It stars Shelley Duvall as Millie Lammoreaux and Sissy Spacek as Millie’s obsessive admirer and friend Pinkie. The two work at an old folks therapy home, and Millie is showing Pinkie the ropes. Spacek was no longer a teenager by the time she played Pinkie, but she still had that immature, girlish quality to her that makes her perfect casting as a lost deer in the headlights type. When Pinkie moves in with Millie and the two slowly become friends, it becomes increasingly clear what a blank slate Pinkie is. She doesn’t have other clothes, friends, a background or possessions. She’s creepy, clingy and desperate for Millie’s attention.

But Altman plays a little trick. The dialogue is still in his signature style, casual, overlapping and ordinary. He develops Millie as a perfectly normal individual chatting it up with friends and colleagues, going out to bars and shooting flirtatious smiles at her cute neighbor Tom. But slowly we pick up on the fact that Millie seems to be making small talk to no one in particular. She makes up conversation topics as she goes, seemingly talking through her colleagues and neighbors as though her presence doesn’t even register. “Don’t look now, but its Thoroughly Modern Millie,” one of her neighbors scoffs. Both Mille and Pinkie are equally bizarre empty shells, and what we know about these characters slowly erodes.

What’s so unique (it does however bare a lot of similarities to “Persona”) about “3 Women” is that Altman is now taking the tricks he has established throughout the ‘70s and using them to the point that nothing feels quite right. The dialogue is not just muted but it creates an awkward silence so thick you can cut it with a knife. He uses quick zooms and cold, distant characters that still have as many tiny intricacies as those in “Nashville” or “MASH”, but they’re packaged in a way that makes the movie beguiling and hypnotic instead of observational and inviting.

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To be fair, that peculiar mood setting is not too far off from “MASH” in the first place. The TV show of the same name, which has become far more iconic over the years, is purely conventional and silly. While Altman stages sequences of zany anarchy that would rival and pay homage to the Marx Brothers, particularly the long football finale, so much of the film feels almost solemn and too quietly subtle in its humor, enough to make an unprepared fan of the show bristle.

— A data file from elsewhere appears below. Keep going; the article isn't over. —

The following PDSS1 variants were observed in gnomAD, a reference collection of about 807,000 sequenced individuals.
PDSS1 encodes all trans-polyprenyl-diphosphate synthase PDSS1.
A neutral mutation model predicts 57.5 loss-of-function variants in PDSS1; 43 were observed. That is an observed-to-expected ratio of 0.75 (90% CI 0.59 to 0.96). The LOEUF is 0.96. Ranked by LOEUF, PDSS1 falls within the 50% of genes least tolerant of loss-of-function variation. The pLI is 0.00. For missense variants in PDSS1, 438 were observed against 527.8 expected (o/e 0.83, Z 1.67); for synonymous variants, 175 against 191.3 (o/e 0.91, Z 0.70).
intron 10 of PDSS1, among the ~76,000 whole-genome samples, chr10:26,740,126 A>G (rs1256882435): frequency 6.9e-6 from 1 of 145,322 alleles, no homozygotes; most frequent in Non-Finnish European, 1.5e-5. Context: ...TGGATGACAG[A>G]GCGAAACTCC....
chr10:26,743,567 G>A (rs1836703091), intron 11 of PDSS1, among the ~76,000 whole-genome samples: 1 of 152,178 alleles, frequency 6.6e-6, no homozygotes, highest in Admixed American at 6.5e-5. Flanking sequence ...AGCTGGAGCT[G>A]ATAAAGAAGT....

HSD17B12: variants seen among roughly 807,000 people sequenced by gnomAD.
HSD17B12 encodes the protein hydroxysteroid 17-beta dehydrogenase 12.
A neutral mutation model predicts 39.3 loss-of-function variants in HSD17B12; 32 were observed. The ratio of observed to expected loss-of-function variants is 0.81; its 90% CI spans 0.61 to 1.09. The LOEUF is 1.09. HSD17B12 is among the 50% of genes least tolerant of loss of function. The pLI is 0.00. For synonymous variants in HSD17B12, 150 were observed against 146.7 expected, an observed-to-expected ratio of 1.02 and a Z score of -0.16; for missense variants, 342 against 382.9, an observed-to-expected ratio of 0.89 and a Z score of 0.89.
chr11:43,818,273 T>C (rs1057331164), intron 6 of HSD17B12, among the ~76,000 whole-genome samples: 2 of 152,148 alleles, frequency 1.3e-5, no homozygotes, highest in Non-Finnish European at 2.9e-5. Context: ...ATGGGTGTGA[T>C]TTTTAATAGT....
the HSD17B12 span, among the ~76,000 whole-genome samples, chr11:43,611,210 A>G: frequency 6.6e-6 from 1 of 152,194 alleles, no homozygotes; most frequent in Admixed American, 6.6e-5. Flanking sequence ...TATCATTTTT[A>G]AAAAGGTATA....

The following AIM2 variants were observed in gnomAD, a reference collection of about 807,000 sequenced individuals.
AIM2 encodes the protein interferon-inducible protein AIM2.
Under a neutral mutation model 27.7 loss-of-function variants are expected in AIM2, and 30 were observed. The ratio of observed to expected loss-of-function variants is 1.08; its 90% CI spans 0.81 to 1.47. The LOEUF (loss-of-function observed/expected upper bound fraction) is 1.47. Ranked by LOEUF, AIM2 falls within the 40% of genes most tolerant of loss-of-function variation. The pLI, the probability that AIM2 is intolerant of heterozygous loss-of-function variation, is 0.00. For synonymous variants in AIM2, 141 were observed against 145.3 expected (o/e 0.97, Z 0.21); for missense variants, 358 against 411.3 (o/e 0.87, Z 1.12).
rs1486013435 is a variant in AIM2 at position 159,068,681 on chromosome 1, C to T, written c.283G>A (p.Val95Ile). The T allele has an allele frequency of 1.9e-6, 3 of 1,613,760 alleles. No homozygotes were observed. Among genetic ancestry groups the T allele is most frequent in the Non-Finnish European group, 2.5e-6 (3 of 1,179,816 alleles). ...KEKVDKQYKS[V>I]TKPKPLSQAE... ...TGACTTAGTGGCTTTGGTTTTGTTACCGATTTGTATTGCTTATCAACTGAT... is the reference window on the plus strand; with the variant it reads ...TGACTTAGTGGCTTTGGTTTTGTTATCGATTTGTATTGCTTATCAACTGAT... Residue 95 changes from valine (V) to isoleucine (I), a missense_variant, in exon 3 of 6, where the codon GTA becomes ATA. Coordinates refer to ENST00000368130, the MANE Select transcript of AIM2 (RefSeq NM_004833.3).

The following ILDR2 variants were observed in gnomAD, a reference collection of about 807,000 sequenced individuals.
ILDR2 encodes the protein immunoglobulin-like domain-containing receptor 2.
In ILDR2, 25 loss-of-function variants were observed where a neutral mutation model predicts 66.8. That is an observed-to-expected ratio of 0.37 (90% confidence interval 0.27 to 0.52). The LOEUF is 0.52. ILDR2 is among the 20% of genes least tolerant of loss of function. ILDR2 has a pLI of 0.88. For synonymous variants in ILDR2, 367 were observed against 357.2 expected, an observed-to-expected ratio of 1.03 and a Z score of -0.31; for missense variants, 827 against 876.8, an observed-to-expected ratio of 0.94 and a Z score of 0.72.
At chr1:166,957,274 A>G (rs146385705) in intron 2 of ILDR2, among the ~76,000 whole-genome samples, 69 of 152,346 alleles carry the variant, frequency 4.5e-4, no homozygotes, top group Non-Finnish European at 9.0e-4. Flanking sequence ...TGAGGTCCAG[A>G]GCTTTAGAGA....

That’s because while war was the setting in the TV show “MASH”, Altman makes it an actual background. We don’t see any images of war, but we see the aftermath Hawkeye and Trapper are stitching up. They mask their wartime stress behind deft double entendres and prank filled, stick-it-to-the-man attitudes that would become the decade’s hallmark. The audacity of some of these set pieces, like drugging an officer and photographing him with prostitutes as blackmail, removing a shower wall to publicly gawk at their naked female commander, or a football player touchily named “Spearchucker Jones”, all work because of how cavalier and coolly unaffected Donald Sutherland and Elliot Gould play Hawkeye and Trapper under Altman’s direction.

“MASH” also ends with a knowing wink to the time in which it belongs. The announcer on the PA reciting silly Old Hollywood films has now rattled off the cast and plot description to “MASH” as the film’s sly sign-off. Altman knows even at the breakout of his career where he stands and how his film belongs to both New Hollywood and Old.

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Because of that fear of being lumped in too easily, his 1974 film “Thieves Like Us” has the gangster vibe of “Bonnie and Clyde,” the definitive New Hollywood movie, and makes a slower, more anti-climatic heist movie by design. The opening shot is a long, unbroken nature shot without the punchy editing reminiscent of the era. It fools our eye and delays introducing us to our real protagonists and point of focus. Once the thievery does begin, Altman keeps us outside the bank and away from the action. “I should’ve robbed people with my brain instead of my gun,” Keith Carradine’s Bowie says. The thieves then begin to lay low, and the romance between Bowie and Keechie comes not from a sense of excitement but almost from a lack of it.

Shelley Duvall shows up here as well, and across three of Altman’s films she is never cast the same. She was the obnoxious flirt in “Nashville” and the oblivious socialite in “3 Women”, and here she plays Keechie plain to fit the period simplicity Altman is aiming for.

Sadly, “Thieves Like Us” is not up to Altman’s same par as the other films included in this overview. His writing is ordinary and observational, but less layered and intricate. And despite a resistance to be “Bonnie and Clyde” during the rest of the film, that’s exactly how it ends.

But Altman’s films were made to be messy. That style defined his day, and he laid the groundwork for Paul Thomas Anderson and many more. At the end of “Nashville”, Altman has brought all his characters together, only for hell to finally break loose. It’s a powerful scene, in which everyone emerges in the heat of the moment and shows their true colors. Haven Hamilton takes the mic and proclaims, “You can’t do this to us in Nashville!” He rallies the crowd, and they blindly but nobly carry on the torch. Altman’s films in this time are like “Nashville’s” crowd, each so flawed, colorful and distinctive, that when brought together make up a universal whole.

For more, also check out previous writing on McCabe & Mrs. Miller and The Long Goodbye, each masterpieces and certainly worthy of being called “essential” ‘70s Altman.